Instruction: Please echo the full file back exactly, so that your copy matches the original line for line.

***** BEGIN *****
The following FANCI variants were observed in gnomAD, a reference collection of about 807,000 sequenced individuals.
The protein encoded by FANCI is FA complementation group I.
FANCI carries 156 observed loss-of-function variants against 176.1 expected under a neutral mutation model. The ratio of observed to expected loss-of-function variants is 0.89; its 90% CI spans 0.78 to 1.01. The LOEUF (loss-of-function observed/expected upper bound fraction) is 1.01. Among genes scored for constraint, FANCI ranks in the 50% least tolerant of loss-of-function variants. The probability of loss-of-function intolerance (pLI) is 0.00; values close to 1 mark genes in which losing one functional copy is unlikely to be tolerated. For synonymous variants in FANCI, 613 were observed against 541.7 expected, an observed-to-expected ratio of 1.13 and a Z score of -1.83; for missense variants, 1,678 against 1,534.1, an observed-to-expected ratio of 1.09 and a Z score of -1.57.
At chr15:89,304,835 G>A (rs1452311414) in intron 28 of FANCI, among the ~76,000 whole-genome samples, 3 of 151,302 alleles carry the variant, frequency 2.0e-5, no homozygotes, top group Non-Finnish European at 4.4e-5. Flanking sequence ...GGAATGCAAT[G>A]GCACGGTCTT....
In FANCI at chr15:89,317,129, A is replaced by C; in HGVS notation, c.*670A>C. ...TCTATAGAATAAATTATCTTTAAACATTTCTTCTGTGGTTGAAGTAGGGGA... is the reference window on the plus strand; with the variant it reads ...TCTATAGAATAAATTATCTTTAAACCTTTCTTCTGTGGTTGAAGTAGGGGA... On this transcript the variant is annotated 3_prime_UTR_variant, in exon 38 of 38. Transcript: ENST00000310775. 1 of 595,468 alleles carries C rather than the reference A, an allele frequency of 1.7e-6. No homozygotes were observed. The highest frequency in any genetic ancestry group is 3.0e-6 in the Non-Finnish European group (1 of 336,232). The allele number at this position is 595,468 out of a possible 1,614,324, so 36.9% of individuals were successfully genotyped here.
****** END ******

The following FANCI variants were observed in gnomAD, a reference collection of about 807,000 sequenced individuals.
The protein encoded by FANCI is FA complementation group I.
FANCI carries 156 observed loss-of-function variants against 176.1 expected under a neutral mutation model. The ratio of observed to expected loss-of-function variants is 0.89; its 90% CI spans 0.78 to 1.01. The LOEUF (loss-of-function observed/expected upper bound fraction) is 1.01. Among genes scored for constraint, FANCI ranks in the 50% least tolerant of loss-of-function variants. The probability of loss-of-function intolerance (pLI) is 0.00; values close to 1 mark genes in which losing one functional copy is unlikely to be tolerated. For synonymous variants in FANCI, 613 were observed against 541.7 expected, an observed-to-expected ratio of 1.13 and a Z score of -1.83; for missense variants, 1,678 against 1,534.1, an observed-to-expected ratio of 1.09 and a Z score of -1.57.
At chr15:89,304,835 G>A (rs1452311414) in intron 28 of FANCI, among the ~76,000 whole-genome samples, 3 of 151,302 alleles carry the variant, frequency 2.0e-5, no homozygotes, top group Non-Finnish European at 4.4e-5. Flanking sequence ...GGAATGCAAT[G>A]GCACGGTCTT....
In FANCI at chr15:89,317,129, A is replaced by C; in HGVS notation, c.*670A>C. ...TCTATAGAATAAATTATCTTTAAACATTTCTTCTGTGGTTGAAGTAGGGGA... is the reference window on the plus strand; with the variant it reads ...TCTATAGAATAAATTATCTTTAAACCTTTCTTCTGTGGTTGAAGTAGGGGA... On this transcript the variant is annotated 3_prime_UTR_variant, in exon 38 of 38. Transcript: ENST00000310775. 1 of 595,468 alleles carries C rather than the reference A, an allele frequency of 1.7e-6. No homozygotes were observed. The highest frequency in any genetic ancestry group is 3.0e-6 in the Non-Finnish European group (1 of 336,232). The allele number at this position is 595,468 out of a possible 1,614,324, so 36.9% of individuals were successfully genotyped here.